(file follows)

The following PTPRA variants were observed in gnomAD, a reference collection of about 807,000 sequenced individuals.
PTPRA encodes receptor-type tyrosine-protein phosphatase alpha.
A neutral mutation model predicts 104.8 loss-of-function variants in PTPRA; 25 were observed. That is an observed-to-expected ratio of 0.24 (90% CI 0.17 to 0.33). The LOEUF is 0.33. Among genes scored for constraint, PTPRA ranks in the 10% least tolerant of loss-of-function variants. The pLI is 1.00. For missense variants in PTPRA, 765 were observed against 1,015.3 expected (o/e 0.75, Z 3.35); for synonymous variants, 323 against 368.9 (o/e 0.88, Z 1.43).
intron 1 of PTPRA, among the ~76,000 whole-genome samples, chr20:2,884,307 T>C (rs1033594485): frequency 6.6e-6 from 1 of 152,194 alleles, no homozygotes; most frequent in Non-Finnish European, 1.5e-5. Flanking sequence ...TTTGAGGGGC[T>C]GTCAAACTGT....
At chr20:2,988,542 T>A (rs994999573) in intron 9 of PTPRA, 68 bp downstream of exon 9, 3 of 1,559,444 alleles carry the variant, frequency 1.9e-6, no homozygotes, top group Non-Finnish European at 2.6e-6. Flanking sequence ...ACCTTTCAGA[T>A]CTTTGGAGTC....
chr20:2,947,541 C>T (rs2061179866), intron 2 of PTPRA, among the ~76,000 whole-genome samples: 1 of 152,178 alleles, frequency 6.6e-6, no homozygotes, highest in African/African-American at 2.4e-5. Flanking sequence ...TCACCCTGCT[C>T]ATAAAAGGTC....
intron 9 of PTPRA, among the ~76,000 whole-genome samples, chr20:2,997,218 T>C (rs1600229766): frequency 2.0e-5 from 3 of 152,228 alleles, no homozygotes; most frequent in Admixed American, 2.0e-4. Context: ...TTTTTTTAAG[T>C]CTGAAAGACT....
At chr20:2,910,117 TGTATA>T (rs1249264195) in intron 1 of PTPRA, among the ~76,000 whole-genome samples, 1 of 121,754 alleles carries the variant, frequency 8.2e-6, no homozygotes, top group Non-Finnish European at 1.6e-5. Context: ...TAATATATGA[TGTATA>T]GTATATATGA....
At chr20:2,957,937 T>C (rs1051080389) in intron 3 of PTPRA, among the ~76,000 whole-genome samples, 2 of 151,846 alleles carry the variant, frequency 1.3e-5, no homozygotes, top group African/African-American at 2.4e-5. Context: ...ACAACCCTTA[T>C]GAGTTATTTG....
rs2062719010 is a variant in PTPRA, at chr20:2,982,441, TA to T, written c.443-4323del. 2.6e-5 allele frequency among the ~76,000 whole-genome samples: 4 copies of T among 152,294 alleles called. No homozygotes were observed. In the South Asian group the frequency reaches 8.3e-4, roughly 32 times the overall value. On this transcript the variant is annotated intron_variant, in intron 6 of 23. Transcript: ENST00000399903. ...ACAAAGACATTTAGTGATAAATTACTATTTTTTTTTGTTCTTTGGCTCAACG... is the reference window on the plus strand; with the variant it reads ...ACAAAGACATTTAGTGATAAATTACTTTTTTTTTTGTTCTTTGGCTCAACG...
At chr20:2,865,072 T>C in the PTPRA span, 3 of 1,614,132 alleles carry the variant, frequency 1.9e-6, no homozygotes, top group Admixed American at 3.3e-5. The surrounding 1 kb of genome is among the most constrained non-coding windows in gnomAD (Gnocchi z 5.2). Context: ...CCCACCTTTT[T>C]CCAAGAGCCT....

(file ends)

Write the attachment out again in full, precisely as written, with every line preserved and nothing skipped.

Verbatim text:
The following PTPRA variants were observed in gnomAD, a reference collection of about 807,000 sequenced individuals.
PTPRA encodes receptor-type tyrosine-protein phosphatase alpha.
A neutral mutation model predicts 104.8 loss-of-function variants in PTPRA; 25 were observed. That is an observed-to-expected ratio of 0.24 (90% CI 0.17 to 0.33). The LOEUF is 0.33. Among genes scored for constraint, PTPRA ranks in the 10% least tolerant of loss-of-function variants. The pLI is 1.00. For missense variants in PTPRA, 765 were observed against 1,015.3 expected (o/e 0.75, Z 3.35); for synonymous variants, 323 against 368.9 (o/e 0.88, Z 1.43).
intron 1 of PTPRA, among the ~76,000 whole-genome samples, chr20:2,884,307 T>C (rs1033594485): frequency 6.6e-6 from 1 of 152,194 alleles, no homozygotes; most frequent in Non-Finnish European, 1.5e-5. Flanking sequence ...TTTGAGGGGC[T>C]GTCAAACTGT....
At chr20:2,988,542 T>A (rs994999573) in intron 9 of PTPRA, 68 bp downstream of exon 9, 3 of 1,559,444 alleles carry the variant, frequency 1.9e-6, no homozygotes, top group Non-Finnish European at 2.6e-6. Flanking sequence ...ACCTTTCAGA[T>A]CTTTGGAGTC....
chr20:2,947,541 C>T (rs2061179866), intron 2 of PTPRA, among the ~76,000 whole-genome samples: 1 of 152,178 alleles, frequency 6.6e-6, no homozygotes, highest in African/African-American at 2.4e-5. Flanking sequence ...TCACCCTGCT[C>T]ATAAAAGGTC....
intron 9 of PTPRA, among the ~76,000 whole-genome samples, chr20:2,997,218 T>C (rs1600229766): frequency 2.0e-5 from 3 of 152,228 alleles, no homozygotes; most frequent in Admixed American, 2.0e-4. Context: ...TTTTTTTAAG[T>C]CTGAAAGACT....
At chr20:2,910,117 TGTATA>T (rs1249264195) in intron 1 of PTPRA, among the ~76,000 whole-genome samples, 1 of 121,754 alleles carries the variant, frequency 8.2e-6, no homozygotes, top group Non-Finnish European at 1.6e-5. Context: ...TAATATATGA[TGTATA>T]GTATATATGA....
At chr20:2,957,937 T>C (rs1051080389) in intron 3 of PTPRA, among the ~76,000 whole-genome samples, 2 of 151,846 alleles carry the variant, frequency 1.3e-5, no homozygotes, top group African/African-American at 2.4e-5. Context: ...ACAACCCTTA[T>C]GAGTTATTTG....
rs2062719010 is a variant in PTPRA, at chr20:2,982,441, TA to T, written c.443-4323del. 2.6e-5 allele frequency among the ~76,000 whole-genome samples: 4 copies of T among 152,294 alleles called. No homozygotes were observed. In the South Asian group the frequency reaches 8.3e-4, roughly 32 times the overall value. On this transcript the variant is annotated intron_variant, in intron 6 of 23. Transcript: ENST00000399903. ...ACAAAGACATTTAGTGATAAATTACTATTTTTTTTTGTTCTTTGGCTCAACG... is the reference window on the plus strand; with the variant it reads ...ACAAAGACATTTAGTGATAAATTACTTTTTTTTTTGTTCTTTGGCTCAACG...
At chr20:2,865,072 T>C in the PTPRA span, 3 of 1,614,132 alleles carry the variant, frequency 1.9e-6, no homozygotes, top group Admixed American at 3.3e-5. The surrounding 1 kb of genome is among the most constrained non-coding windows in gnomAD (Gnocchi z 5.2). Context: ...CCCACCTTTT[T>C]CCAAGAGCCT....